If you are considering, or already have applied for a green card, you no doubt have heard the term “priority date.” This date determines when you will be eligible for an immigrant visa. Though priority dates apply to both family and employment immigration matters, I will focus only on the latter here.
As you can imagine, the earlier your priority date, the sooner you can receive your green card. Your priority date is like the number you have on your ticket when you visit the delicatessen counter of a supermarket in the U.S., or when you visit, for example, a Bank of China branch office. Those with numbers lower than yours will be served first, while you will have to wait your turn until your number is called. Your green card priority date operates the same way. In turn, your priority date depends on the type of employment green card process you have.
Employment immigration occurs via as many as three steps. In many cases, the first step is a labor certification, a process by which your employer certifies an inability to find able, willing, qualified and available U.S. workers for the job the employer is offering to you. Then, assuming the government approves the labor certification, the second step involves the filing of an immigration petition for alien worker, via form I-140. If this petition is approved, then the third and final step for a green card is either an adjustment of status, via form I-485 (if you wish to receive your green card without leaving the U.S.) or via consular processing (if you are outside the U.S., or you leave the U.S.) at a U.S. consulate or embassy.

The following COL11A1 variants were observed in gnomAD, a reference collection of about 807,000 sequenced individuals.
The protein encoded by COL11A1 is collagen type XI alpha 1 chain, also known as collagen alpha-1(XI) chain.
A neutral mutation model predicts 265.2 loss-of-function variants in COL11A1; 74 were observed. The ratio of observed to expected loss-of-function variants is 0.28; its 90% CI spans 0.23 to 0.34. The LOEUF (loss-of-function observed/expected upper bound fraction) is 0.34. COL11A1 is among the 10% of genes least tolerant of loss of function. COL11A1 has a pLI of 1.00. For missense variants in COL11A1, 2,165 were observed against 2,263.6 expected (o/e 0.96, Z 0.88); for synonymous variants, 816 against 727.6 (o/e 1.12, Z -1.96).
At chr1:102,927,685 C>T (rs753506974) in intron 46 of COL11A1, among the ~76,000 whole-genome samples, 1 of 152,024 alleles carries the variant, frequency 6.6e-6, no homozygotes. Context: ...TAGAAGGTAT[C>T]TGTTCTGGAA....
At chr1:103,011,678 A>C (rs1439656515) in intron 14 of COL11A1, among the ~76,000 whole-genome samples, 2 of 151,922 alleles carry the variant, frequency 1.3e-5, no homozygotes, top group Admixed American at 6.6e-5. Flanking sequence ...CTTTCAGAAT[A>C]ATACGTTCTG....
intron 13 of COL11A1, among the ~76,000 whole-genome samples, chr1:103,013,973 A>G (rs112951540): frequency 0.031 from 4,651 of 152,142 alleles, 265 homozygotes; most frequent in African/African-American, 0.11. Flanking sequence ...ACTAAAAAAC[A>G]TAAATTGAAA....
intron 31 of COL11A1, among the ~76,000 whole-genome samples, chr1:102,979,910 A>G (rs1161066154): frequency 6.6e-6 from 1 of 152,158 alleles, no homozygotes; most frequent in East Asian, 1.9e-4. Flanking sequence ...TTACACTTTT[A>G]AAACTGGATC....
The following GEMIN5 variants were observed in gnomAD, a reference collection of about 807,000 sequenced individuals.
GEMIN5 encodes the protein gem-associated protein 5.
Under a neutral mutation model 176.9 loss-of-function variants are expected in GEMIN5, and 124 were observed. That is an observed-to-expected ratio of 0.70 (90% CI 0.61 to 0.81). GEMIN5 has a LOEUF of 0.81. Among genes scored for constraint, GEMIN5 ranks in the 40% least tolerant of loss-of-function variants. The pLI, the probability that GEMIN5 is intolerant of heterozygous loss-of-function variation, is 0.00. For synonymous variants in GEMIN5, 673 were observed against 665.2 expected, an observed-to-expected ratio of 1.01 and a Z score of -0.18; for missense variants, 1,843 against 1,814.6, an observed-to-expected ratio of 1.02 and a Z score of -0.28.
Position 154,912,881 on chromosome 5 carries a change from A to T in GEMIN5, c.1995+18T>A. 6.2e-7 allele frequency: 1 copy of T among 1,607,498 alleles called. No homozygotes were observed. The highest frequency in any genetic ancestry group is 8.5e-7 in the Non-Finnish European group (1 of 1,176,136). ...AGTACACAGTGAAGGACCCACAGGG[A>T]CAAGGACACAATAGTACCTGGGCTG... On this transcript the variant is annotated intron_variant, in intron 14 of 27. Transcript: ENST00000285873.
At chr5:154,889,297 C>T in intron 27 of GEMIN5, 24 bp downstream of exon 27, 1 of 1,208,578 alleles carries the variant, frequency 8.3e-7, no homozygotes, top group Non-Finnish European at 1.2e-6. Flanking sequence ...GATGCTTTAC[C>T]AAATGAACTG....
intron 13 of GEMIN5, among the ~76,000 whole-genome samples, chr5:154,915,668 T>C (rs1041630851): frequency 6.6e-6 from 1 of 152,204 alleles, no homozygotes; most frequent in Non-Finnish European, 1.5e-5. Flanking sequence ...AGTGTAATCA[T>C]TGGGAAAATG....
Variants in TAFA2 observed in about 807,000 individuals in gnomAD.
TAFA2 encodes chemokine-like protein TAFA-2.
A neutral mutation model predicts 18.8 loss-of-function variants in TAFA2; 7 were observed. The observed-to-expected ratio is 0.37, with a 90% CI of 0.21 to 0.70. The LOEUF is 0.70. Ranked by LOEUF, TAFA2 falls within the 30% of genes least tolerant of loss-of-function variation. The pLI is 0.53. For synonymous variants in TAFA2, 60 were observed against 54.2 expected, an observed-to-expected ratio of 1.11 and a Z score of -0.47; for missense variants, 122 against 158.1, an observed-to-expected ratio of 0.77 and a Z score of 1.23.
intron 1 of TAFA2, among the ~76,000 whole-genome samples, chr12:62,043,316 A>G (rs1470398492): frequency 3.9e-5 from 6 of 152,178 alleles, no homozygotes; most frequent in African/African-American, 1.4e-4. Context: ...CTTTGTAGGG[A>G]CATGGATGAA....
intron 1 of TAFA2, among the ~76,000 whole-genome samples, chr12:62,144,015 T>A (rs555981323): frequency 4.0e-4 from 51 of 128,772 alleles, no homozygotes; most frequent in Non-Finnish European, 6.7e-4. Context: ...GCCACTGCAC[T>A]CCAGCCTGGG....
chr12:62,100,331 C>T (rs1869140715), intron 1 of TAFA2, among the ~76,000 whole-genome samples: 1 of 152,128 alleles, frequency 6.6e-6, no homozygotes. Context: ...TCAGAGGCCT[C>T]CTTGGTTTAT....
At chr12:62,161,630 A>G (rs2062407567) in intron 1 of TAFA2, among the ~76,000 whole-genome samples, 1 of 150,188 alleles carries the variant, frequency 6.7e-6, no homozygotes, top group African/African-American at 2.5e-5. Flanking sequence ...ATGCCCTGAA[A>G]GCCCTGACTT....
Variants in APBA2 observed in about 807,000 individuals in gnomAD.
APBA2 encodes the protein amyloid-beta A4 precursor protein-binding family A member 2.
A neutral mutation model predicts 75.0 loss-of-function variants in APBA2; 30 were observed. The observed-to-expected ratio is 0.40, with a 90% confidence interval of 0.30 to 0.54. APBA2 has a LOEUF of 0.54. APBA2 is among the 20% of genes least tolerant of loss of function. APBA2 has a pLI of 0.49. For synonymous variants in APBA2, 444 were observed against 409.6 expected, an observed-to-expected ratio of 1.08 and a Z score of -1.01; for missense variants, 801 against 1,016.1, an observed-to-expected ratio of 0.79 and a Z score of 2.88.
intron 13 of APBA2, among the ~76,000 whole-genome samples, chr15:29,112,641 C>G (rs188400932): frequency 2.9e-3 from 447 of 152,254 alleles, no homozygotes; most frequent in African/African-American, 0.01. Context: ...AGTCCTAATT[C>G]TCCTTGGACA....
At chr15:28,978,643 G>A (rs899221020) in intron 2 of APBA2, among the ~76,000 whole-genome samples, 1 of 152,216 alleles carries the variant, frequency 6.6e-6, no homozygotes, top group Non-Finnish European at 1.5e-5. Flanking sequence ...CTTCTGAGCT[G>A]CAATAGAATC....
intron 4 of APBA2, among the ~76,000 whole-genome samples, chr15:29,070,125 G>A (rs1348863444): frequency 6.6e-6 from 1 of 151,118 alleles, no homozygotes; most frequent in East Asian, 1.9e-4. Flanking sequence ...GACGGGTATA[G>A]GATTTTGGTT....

Note that some employment immigration situations do not require a labor certification, that is, they involve only the latter two steps mentioned above. Such situations are any “first preference” employment petitions (extraordinary ability aliens, outstanding researchers or professors and multinational executives or mangers) plus those seeking a national interest waiver.
Regardless of your type of employment green card process, you receive a priority date only if and when your I-140 petition is approved. Once that approval occurs, then your priority date would be the filing date for your
- - labor certification, if your green card process required a labor certification
- - immigrant petition I-140, if your green card process did not require a labor certification
In another post, I will explain how to estimate how long you must wait for your green card.
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